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RE: Push piers foundation systems

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The push pier systems work quite well.  There are different manufacturers that have their own details, but the principal is the same.  They are used all over here in the Tidewater area with great success.  They can even be adjusted later on.  I spoke with a geotechnical engineer the other day about them.  I opined that they are self-testing because they are calibrated for load based on the hydraulic pressure readings they monitor as they push.  She said that is fine except if you are over something that may have been fill, you could run into a hunk of old concrete.  Another possibility is that you may hit a good stratum, but it turns out to be thin and you eventually punch through to a softer stratum.  Also, you don’t want to spread the piles too far apart because your footing results in a grade beam and is usually not reinforced.


A Structural Engineer, P.C.

Glenn C. Otto, P.E.

Virginia Beach, VA



-----Original Message-----
From: Jim Wilson [mailto:wilsonengineers(--nospam--at)]
Sent: Thursday, April 30, 2009 8:53 AM
To: seaint(--nospam--at)
Subject: Push piers foundation systems


Is anyone familiar with the Push Pier System provided by Foundation Supportworks, or similar products for that matter?  I have settlement under a portion of my garage that needs to be addressed.  This is a simple end-bearing pipe pier hydrolically pushed down to bearing.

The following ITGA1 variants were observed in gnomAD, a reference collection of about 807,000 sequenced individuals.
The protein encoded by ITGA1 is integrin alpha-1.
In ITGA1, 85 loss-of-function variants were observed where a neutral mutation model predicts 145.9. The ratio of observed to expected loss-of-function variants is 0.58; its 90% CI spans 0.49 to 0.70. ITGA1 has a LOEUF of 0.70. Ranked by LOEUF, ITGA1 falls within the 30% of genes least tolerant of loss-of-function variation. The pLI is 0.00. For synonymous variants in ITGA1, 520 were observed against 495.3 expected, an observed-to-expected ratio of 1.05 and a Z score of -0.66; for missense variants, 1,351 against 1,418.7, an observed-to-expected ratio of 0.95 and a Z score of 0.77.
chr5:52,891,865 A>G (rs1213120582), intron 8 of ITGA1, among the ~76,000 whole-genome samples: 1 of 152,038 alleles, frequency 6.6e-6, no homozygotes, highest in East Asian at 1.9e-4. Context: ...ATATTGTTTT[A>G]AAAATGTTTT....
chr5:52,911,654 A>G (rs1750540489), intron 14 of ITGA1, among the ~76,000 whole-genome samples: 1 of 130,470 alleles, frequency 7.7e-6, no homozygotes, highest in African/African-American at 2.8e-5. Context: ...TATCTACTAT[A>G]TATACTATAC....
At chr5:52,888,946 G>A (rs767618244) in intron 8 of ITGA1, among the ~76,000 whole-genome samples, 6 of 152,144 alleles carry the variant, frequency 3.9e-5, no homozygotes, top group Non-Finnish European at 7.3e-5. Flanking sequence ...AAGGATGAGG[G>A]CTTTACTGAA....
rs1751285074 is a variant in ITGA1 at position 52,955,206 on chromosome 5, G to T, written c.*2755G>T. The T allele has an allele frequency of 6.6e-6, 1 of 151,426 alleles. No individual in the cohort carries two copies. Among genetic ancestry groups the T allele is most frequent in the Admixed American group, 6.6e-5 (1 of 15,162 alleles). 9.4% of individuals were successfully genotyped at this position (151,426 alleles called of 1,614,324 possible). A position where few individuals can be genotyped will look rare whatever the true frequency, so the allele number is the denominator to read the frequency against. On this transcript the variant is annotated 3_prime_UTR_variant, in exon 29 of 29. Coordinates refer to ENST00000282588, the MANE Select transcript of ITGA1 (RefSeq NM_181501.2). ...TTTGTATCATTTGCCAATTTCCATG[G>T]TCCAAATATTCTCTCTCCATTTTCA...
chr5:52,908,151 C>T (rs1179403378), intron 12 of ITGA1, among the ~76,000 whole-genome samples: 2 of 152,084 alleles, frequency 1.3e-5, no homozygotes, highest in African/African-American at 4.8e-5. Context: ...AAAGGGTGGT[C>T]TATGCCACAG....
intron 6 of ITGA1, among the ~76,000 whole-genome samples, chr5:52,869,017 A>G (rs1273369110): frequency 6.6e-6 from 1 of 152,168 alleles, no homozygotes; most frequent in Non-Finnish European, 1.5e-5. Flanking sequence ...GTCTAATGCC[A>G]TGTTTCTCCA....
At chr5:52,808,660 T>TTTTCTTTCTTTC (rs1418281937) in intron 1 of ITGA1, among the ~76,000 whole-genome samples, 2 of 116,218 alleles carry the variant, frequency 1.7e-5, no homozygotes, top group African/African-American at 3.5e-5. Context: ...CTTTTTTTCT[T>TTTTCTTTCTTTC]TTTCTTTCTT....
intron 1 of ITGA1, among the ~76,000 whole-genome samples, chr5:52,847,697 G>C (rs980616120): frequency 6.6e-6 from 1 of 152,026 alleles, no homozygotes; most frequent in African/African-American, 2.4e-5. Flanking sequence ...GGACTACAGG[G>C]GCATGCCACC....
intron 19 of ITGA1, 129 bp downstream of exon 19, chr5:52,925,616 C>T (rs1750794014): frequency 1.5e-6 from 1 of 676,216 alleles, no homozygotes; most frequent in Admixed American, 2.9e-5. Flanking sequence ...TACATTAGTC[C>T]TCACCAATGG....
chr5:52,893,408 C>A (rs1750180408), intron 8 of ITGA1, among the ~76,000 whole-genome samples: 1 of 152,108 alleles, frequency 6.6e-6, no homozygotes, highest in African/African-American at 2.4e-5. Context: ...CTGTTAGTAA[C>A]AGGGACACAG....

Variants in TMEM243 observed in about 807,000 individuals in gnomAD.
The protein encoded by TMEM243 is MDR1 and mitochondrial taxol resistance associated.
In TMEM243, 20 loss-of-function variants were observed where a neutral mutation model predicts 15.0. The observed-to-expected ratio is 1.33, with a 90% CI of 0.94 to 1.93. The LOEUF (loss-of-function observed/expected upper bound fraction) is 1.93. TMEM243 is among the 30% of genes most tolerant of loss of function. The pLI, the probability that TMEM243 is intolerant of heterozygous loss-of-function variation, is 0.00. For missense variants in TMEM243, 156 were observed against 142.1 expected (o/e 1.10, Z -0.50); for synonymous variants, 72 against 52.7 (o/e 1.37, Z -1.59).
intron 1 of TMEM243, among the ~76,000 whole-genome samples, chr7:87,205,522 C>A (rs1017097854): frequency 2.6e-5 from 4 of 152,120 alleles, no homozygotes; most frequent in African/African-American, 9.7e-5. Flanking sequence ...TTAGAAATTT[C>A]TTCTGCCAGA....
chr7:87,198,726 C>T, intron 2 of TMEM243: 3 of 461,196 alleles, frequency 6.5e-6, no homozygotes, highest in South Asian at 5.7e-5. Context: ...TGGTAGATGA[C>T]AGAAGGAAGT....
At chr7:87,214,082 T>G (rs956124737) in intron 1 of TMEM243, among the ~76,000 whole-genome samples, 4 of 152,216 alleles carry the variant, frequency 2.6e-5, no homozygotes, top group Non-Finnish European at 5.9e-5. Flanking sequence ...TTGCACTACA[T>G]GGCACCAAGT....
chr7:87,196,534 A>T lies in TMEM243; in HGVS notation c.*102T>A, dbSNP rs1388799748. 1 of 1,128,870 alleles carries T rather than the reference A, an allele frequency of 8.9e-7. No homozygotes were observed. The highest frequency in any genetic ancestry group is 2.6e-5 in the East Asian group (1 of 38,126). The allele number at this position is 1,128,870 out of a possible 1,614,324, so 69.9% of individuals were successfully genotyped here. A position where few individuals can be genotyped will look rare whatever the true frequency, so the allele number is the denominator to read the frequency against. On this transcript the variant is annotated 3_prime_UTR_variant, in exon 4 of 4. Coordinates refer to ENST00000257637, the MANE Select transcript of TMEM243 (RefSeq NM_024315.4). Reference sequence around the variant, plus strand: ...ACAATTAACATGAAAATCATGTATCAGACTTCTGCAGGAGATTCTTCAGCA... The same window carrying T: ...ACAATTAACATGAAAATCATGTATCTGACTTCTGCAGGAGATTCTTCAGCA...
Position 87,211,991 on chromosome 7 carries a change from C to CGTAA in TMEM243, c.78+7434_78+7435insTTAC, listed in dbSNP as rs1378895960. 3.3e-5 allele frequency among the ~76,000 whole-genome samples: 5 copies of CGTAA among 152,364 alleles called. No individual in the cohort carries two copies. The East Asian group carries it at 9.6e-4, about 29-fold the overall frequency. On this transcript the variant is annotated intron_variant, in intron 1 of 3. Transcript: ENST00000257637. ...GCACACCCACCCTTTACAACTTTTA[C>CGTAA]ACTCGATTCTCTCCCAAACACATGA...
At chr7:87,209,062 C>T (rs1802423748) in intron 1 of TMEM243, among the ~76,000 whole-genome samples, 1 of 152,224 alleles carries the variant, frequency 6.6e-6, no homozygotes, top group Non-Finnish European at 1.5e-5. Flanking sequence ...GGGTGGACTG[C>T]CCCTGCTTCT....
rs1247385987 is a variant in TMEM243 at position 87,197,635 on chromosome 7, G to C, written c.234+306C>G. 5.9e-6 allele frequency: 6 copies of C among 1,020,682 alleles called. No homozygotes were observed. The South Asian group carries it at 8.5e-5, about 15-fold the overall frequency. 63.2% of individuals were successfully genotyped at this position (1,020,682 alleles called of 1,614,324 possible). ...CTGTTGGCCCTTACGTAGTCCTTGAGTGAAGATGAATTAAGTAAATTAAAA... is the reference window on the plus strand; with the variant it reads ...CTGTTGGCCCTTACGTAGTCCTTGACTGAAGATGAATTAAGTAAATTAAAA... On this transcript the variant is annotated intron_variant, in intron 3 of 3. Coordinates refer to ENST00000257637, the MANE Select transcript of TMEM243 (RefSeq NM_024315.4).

The system does carry a 25-year warranty and looks to be well designed.  I don't know if there are any particular risks or gotchas with installing these systems.  They say they usually hit bearing in 20-30 feet but I realize that is a big unknown.  There isn't much online to read about these that isn't promotional.  I did find one link to a discussion where they warned about the thickness and grade of the steel.


The contractor does not suggest that I hire a geotech to do a study - am I adding a lot of risk by not doing so?  It is only a light single-story structure.


They do not suggest the helical pier, either.  Soils are sandy gravel.  They are not expansive.  The upper layer under the foundation may have been fill but I don't know for sure.  Settlement is arguably active - notable additional recent movement has been attributed to vibration from paving our driveway last year.  Garage is 20 years old and has dropped maybe 2" overall.


Jim Wilson, PE

Stroudsburg, PA